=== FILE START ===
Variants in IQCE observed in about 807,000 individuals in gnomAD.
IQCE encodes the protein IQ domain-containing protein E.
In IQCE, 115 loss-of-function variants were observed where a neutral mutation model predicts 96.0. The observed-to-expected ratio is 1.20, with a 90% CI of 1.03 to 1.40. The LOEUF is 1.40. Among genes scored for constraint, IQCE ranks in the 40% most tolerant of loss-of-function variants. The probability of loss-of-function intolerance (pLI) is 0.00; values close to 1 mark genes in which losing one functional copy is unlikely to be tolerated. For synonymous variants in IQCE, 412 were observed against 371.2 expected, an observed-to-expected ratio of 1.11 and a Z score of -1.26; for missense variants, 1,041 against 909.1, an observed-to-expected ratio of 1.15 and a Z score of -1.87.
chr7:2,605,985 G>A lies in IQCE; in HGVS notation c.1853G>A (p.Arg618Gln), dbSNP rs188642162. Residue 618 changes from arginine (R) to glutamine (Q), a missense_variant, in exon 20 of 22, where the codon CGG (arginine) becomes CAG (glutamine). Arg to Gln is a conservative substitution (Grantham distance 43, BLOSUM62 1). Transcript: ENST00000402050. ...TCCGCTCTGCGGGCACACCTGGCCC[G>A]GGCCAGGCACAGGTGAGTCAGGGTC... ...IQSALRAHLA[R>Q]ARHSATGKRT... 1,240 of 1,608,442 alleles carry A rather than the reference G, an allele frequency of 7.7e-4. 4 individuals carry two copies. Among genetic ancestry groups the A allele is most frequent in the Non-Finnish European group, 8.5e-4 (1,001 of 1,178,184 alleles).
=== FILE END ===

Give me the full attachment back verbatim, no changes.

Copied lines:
Variants in IQCE observed in about 807,000 individuals in gnomAD.
IQCE encodes the protein IQ domain-containing protein E.
In IQCE, 115 loss-of-function variants were observed where a neutral mutation model predicts 96.0. The observed-to-expected ratio is 1.20, with a 90% CI of 1.03 to 1.40. The LOEUF is 1.40. Among genes scored for constraint, IQCE ranks in the 40% most tolerant of loss-of-function variants. The probability of loss-of-function intolerance (pLI) is 0.00; values close to 1 mark genes in which losing one functional copy is unlikely to be tolerated. For synonymous variants in IQCE, 412 were observed against 371.2 expected, an observed-to-expected ratio of 1.11 and a Z score of -1.26; for missense variants, 1,041 against 909.1, an observed-to-expected ratio of 1.15 and a Z score of -1.87.
chr7:2,605,985 G>A lies in IQCE; in HGVS notation c.1853G>A (p.Arg618Gln), dbSNP rs188642162. Residue 618 changes from arginine (R) to glutamine (Q), a missense_variant, in exon 20 of 22, where the codon CGG (arginine) becomes CAG (glutamine). Arg to Gln is a conservative substitution (Grantham distance 43, BLOSUM62 1). Transcript: ENST00000402050. ...TCCGCTCTGCGGGCACACCTGGCCC[G>A]GGCCAGGCACAGGTGAGTCAGGGTC... ...IQSALRAHLA[R>Q]ARHSATGKRT... 1,240 of 1,608,442 alleles carry A rather than the reference G, an allele frequency of 7.7e-4. 4 individuals carry two copies. Among genetic ancestry groups the A allele is most frequent in the Non-Finnish European group, 8.5e-4 (1,001 of 1,178,184 alleles).